Giant pulses in quantum cascade photonic devices reported09 November 2020
Extreme events can be observed in many contexts. Nature is a prolific source, e.g., rogue water waves surging high above the swell, monsoon rains, wildfire, etc. Since the beginning of the 21st century, physicists from optics to climate science have classified the characteristics of extreme events, extending the notion to their respective domains of expertise. For instance, extreme events can take place in telecommunication data streams. In fiber-optic communications where a vast number of spatio-temporal fluctuations can occur in transoceanic systems, a sudden surge can potentially alter components associated with the physical layer or disrupt the transmission of private messages and must therefore be suppressed.
However, for certain applications such as artificial intelligence based on optical neurons, it is necessary to precisely trigger optical bursts in response to a disturbance, which implies having a global picture of extreme events. Recently, extreme events have been observed in quantum cascade lasers, as reported by researchers from Télécom Paris, Institut Polytechnique de Paris (France) in collaboration with UC Los Angeles (USA) and TU Darmstad (Germany). The giant pulses that characterize these extreme events can contribute the sudden, sharp bursts necessary for communication in neuromorphic systems inspired by the brain’s powerful computational abilities. Based on a quantum cascade laser (QCL) emitting mid-infrared light, the researchers developed a basic optical neuron system operating 10,000-times faster than biological neurons.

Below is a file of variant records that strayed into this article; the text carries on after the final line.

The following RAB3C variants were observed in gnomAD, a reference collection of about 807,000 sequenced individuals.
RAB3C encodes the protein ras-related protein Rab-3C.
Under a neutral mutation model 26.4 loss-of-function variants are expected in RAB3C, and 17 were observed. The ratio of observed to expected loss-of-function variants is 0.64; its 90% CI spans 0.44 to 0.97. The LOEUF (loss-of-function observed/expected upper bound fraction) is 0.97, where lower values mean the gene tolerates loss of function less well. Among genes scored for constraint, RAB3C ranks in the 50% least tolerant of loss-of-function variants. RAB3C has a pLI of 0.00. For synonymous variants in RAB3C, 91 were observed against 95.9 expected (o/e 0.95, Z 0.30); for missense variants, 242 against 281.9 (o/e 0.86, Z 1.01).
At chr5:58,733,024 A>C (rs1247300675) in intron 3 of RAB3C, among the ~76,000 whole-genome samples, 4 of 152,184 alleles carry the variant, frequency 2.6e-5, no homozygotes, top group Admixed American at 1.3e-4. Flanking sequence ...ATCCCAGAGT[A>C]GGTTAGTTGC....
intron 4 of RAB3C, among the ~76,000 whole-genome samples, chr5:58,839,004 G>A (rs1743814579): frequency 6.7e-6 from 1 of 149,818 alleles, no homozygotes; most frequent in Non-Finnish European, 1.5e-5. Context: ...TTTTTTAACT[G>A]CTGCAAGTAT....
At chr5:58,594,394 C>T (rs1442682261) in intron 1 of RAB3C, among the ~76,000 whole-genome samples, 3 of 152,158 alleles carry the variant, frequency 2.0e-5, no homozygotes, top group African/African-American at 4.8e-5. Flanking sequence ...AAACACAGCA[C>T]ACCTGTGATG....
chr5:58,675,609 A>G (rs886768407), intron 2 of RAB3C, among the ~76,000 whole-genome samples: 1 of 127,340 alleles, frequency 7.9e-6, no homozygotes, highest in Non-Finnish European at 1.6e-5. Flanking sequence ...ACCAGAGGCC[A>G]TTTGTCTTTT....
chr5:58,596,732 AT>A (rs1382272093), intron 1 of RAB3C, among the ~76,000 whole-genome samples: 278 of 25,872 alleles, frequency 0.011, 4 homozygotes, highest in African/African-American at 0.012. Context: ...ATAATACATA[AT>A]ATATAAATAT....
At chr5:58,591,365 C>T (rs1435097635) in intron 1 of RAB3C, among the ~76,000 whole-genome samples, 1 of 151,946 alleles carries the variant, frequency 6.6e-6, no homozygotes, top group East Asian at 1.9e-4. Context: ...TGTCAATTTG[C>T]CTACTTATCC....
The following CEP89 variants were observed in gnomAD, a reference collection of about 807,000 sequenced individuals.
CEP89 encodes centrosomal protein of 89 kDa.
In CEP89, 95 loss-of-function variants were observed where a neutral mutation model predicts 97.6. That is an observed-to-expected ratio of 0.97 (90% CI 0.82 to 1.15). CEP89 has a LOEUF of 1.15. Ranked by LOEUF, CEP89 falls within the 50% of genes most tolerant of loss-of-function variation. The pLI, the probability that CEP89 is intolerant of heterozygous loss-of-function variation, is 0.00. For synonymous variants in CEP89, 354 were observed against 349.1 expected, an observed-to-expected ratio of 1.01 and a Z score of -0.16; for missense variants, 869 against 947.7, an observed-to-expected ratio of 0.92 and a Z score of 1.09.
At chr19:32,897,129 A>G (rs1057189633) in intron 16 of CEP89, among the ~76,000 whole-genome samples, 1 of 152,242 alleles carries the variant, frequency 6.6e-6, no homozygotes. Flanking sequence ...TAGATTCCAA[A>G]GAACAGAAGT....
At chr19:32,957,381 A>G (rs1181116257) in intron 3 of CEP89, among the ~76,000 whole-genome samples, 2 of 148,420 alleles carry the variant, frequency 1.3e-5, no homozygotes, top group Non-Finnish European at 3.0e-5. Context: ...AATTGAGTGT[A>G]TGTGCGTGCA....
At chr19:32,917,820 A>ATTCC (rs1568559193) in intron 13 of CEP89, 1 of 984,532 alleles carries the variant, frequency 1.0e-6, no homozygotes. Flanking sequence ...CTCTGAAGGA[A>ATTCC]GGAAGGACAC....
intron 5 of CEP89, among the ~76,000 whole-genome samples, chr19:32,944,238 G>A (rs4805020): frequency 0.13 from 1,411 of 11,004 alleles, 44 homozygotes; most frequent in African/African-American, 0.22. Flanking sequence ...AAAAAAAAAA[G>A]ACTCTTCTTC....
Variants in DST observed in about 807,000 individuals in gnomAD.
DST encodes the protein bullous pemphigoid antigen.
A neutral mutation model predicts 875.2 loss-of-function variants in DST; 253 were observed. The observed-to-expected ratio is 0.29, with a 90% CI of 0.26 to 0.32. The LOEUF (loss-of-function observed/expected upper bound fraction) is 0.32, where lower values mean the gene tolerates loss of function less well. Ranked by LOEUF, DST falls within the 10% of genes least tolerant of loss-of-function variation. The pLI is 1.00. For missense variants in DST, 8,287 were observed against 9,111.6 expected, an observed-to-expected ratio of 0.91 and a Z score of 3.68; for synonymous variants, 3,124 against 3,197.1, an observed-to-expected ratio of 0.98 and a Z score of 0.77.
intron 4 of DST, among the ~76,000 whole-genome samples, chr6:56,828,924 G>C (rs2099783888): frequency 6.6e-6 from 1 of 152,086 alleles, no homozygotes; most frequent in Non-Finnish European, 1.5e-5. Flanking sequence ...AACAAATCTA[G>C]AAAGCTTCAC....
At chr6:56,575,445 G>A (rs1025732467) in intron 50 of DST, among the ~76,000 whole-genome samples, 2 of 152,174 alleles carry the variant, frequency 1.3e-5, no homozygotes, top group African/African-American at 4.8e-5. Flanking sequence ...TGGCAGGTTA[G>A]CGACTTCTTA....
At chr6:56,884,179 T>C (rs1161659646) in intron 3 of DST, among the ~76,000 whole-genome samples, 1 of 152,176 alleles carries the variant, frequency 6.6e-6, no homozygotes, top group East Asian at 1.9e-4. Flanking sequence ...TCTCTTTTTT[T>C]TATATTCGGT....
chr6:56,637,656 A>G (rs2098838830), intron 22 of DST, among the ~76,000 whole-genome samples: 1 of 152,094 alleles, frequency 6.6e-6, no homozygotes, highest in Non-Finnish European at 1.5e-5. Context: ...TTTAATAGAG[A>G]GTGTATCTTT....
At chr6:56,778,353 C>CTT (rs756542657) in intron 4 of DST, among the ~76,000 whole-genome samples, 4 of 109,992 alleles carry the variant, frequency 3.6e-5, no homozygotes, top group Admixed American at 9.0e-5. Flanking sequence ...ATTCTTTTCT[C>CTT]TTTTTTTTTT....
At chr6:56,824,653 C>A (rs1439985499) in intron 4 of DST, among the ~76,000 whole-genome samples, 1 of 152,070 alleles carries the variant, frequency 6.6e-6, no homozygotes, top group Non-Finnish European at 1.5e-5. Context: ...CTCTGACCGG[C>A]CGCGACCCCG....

Télécom Paris research fellow and first author Olivier Spitz notes that the giant pulses can be triggered successfully by adding a pulse-up excitation, i.e. a short-time small-amplitude increase of bias current. Senior author Frédéric Grillot, Professor at Télécom Paris and the University of New Mexico, explains that this triggering ability is of paramount importance for applications such as optical neuron-like systems, which require optical bursts to be triggered in response to a perturbation.
Quantum cascade lasers
Grillot notes that the findings reported by his team demonstrate the increasingly superior potential of quantum cascade lasers compared to standard diode lasers or VCSELs, for which more complex techniques are currently required to achieve neuromorphic properties.
Quantum cascade lasers were experimentally demonstrated for the first time in 1994, under cryogenic temperatures. Since then, they have experienced a fast development allowing their use up to room temperature. Due to the large number of wavelengths they can achieve (from 3 to 300 microns), these contribute to many industrial applications such as spectroscopy, optical countermeasures, and free-space communications.
According to Grillot, the physics involved in QCLs is totally different than that in diode lasers. Headds, “The advantage of quantum cascade lasers over diode lasers comes from the sub-picosecond electronic transitions among the conduction-band states (subbands) and a carrier lifetime much shorter than the photon lifetime—leading to completely different light emission behaviors under optical feedback, including but not limited to giant pulse occurrences, laser responses to modulation, and frequency comb dynamics.”
 Read the original research article by Olivier Spitz et al., “Extreme events in quantum cascade lasers,” Advanced Photonics 2(6) https://doi.org/10.1117/1.AP.2.6.066001